The victim alleges that Flynn offered to pay for her past therapy and for another five years of therapy, as long as she signed a document acknowledging that the church was not admitting any wrongdoing. She refused to sign that document, the suit alleges. When she heard Flynn was leaving Louisiana for another assignment, she asked him what the status of her case was, and he referred her to then-Msgr. Henri Larroque, who was Vicar General at the time.
When the victim spoke to Larroque, he told her she needed to “get over” what had happened to her. The victim contacted the diocese again after the so-called zero-tolerance policy instituted by the church in the early 2000s, and spoke with Bishop Michael Jarrell. Jarrell asked her for a sworn affidavit, which she provided, and after some time let her know that, since she was 16 at the time of some of the abuse, he was not going to remove Robichaux, the suit alleges.
In 2018, when the victim heard Bishop Douglas Deshotel say there were no credibly accused priests in service at the time, she decided to report her abuse to the church again, the suit alleges. She was told her file was “lost,” and so she went to the diocese again and told her story again. After that, the board set up to review abuse claims determined her story was credible, and recommended that Robichaux be removed. He was placed on leave in the fall of 2018, read our story about that here. He later was removed, and the church reported him to Iberia Parish law enforcement.
The victim met with the review board as well, and the diocese paid her past therapy bills. The lawsuit alleges that this was an admission on the part of the church that she has a right to recover damages from the church. The victim also notes in her suit that the church never, at any time, denied that the abuse occurred, or said that her story was false.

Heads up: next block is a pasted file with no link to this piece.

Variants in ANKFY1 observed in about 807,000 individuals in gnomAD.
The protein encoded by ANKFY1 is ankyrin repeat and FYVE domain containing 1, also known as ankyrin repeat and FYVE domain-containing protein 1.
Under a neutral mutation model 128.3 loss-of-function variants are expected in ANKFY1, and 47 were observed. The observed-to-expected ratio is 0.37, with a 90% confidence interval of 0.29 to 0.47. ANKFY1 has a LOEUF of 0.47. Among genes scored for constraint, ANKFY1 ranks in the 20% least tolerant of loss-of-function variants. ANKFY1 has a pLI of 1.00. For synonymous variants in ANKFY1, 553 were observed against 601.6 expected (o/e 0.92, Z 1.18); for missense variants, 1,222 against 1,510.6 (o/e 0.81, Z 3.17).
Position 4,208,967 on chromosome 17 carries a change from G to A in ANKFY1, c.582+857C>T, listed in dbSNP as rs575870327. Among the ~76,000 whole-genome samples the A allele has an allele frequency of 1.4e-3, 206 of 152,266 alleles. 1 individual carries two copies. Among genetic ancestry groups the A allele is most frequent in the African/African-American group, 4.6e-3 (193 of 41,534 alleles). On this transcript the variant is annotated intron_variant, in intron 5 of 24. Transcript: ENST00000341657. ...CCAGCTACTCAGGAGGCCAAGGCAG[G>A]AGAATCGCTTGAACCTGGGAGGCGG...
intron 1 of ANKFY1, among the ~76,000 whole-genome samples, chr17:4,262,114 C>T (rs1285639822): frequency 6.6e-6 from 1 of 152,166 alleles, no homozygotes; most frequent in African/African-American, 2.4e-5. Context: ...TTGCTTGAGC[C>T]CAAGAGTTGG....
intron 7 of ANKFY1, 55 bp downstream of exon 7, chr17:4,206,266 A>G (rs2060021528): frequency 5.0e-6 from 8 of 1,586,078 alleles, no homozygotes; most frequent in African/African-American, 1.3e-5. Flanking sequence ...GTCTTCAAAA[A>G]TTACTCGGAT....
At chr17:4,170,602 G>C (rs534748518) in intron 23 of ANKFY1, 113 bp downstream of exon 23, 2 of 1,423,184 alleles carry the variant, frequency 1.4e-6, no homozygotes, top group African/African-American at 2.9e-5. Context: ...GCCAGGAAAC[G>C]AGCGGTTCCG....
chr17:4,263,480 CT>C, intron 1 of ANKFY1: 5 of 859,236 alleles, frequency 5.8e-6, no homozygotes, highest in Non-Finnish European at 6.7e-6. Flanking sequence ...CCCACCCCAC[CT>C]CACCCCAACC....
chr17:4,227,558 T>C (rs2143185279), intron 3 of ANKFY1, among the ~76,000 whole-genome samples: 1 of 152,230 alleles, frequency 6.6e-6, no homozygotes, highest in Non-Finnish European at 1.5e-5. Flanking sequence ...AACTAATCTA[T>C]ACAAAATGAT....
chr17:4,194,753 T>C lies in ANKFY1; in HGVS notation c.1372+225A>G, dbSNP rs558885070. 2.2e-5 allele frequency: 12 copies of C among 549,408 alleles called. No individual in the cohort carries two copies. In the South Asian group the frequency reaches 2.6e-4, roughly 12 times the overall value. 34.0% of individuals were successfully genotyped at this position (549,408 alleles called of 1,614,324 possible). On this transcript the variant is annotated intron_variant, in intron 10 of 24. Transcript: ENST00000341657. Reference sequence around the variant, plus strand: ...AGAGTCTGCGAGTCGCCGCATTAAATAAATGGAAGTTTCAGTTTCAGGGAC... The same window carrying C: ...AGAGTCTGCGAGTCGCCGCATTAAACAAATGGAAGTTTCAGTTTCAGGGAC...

Here are some of the documents and information the victim requested in discovery:
- The last known telephone number and address for Robichaux, as well as the amount of any money or benefit of any kind he receives from the church.
- All documents related to Robichaux’s tenure with the church, including “restricted access documents”
- All documents related to the victim’s claim in any way
- All documents related to any settlement the church has received for any claim of sex abuse
- The names of all clergy who have ever been accused of child sex abuse
- The documents the diocese review board has reviewed for any claim since it was created
- A list of all civil and criminal cases in which anyone has accused a clergyman of abuse
- Copies of the diocese policies regarding reports of sexual abuse
- All claims and investigations relating to contact with minors by Robichaux
- All knowledge of all bishops as to any claims of sexual abuse, regardless of the way the bishop learned of them
- A list of all efforts made by the diocese to deal with these allegations, including transfer of priests, sending them on sabbatical or sending them to treatment
- Details about bishops’ involvement in criminal investigations since 1960
- Details about bishops’ involvement in returning allegedly abusive priests to ministry since 1960 and related documents
- Details about the January 2019 report made to law enforcement about Robichaux
- Details about the decision to promote Robichaux when it was known he had credible accusations of abuse
- Details about any complaints or allegations of sexual misconduct of any priest at any time and related documents
- The names of any priests who have been accused of sexual misconduct, whether the accusation was found to be credible or not and related documents
- The names of any victims of abuse who received any assistance from the church where the assistance happened at least a year after the abuse and related documents
- The names of any priests or nuns who have ever been removed from service
- Church directories going back to 1960
- Church policies going back to 1960